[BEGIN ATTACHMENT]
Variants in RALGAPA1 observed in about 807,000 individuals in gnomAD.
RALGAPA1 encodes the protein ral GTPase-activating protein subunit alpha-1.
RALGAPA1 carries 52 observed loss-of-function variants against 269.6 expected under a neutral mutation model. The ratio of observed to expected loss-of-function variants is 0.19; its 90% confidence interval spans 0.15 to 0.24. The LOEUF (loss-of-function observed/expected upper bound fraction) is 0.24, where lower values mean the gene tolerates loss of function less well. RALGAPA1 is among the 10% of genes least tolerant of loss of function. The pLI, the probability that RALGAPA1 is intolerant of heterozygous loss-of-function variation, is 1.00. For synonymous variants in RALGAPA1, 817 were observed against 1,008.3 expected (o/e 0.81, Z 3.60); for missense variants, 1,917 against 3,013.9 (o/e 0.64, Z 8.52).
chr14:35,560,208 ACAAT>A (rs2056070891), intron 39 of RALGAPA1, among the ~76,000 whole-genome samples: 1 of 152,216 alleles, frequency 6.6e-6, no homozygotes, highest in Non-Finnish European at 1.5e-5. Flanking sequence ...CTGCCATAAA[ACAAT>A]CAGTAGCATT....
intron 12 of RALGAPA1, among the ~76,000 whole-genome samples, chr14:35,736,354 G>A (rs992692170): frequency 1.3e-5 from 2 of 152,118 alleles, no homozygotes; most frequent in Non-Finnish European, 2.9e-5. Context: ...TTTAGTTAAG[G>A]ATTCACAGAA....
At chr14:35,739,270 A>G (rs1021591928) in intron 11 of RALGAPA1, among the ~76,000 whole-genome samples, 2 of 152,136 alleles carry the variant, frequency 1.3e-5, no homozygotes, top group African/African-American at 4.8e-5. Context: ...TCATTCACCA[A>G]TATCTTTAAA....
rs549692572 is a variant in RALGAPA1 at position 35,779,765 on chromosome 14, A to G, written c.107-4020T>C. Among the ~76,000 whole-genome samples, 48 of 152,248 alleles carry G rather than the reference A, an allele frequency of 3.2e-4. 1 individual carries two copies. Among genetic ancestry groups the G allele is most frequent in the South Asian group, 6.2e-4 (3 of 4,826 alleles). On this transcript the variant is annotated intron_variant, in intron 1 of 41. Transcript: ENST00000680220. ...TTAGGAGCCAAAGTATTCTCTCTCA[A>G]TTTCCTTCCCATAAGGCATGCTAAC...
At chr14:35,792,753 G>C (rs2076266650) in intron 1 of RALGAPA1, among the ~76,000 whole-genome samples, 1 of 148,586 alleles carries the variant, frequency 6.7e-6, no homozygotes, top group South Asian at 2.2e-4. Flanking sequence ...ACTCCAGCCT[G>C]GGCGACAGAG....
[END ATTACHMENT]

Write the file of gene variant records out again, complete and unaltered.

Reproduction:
Variants in RALGAPA1 observed in about 807,000 individuals in gnomAD.
RALGAPA1 encodes the protein ral GTPase-activating protein subunit alpha-1.
RALGAPA1 carries 52 observed loss-of-function variants against 269.6 expected under a neutral mutation model. The ratio of observed to expected loss-of-function variants is 0.19; its 90% confidence interval spans 0.15 to 0.24. The LOEUF (loss-of-function observed/expected upper bound fraction) is 0.24, where lower values mean the gene tolerates loss of function less well. RALGAPA1 is among the 10% of genes least tolerant of loss of function. The pLI, the probability that RALGAPA1 is intolerant of heterozygous loss-of-function variation, is 1.00. For synonymous variants in RALGAPA1, 817 were observed against 1,008.3 expected (o/e 0.81, Z 3.60); for missense variants, 1,917 against 3,013.9 (o/e 0.64, Z 8.52).
chr14:35,560,208 ACAAT>A (rs2056070891), intron 39 of RALGAPA1, among the ~76,000 whole-genome samples: 1 of 152,216 alleles, frequency 6.6e-6, no homozygotes, highest in Non-Finnish European at 1.5e-5. Flanking sequence ...CTGCCATAAA[ACAAT>A]CAGTAGCATT....
intron 12 of RALGAPA1, among the ~76,000 whole-genome samples, chr14:35,736,354 G>A (rs992692170): frequency 1.3e-5 from 2 of 152,118 alleles, no homozygotes; most frequent in Non-Finnish European, 2.9e-5. Context: ...TTTAGTTAAG[G>A]ATTCACAGAA....
At chr14:35,739,270 A>G (rs1021591928) in intron 11 of RALGAPA1, among the ~76,000 whole-genome samples, 2 of 152,136 alleles carry the variant, frequency 1.3e-5, no homozygotes, top group African/African-American at 4.8e-5. Context: ...TCATTCACCA[A>G]TATCTTTAAA....
rs549692572 is a variant in RALGAPA1 at position 35,779,765 on chromosome 14, A to G, written c.107-4020T>C. Among the ~76,000 whole-genome samples, 48 of 152,248 alleles carry G rather than the reference A, an allele frequency of 3.2e-4. 1 individual carries two copies. Among genetic ancestry groups the G allele is most frequent in the South Asian group, 6.2e-4 (3 of 4,826 alleles). On this transcript the variant is annotated intron_variant, in intron 1 of 41. Transcript: ENST00000680220. ...TTAGGAGCCAAAGTATTCTCTCTCA[A>G]TTTCCTTCCCATAAGGCATGCTAAC...
At chr14:35,792,753 G>C (rs2076266650) in intron 1 of RALGAPA1, among the ~76,000 whole-genome samples, 1 of 148,586 alleles carries the variant, frequency 6.7e-6, no homozygotes, top group South Asian at 2.2e-4. Flanking sequence ...ACTCCAGCCT[G>C]GGCGACAGAG....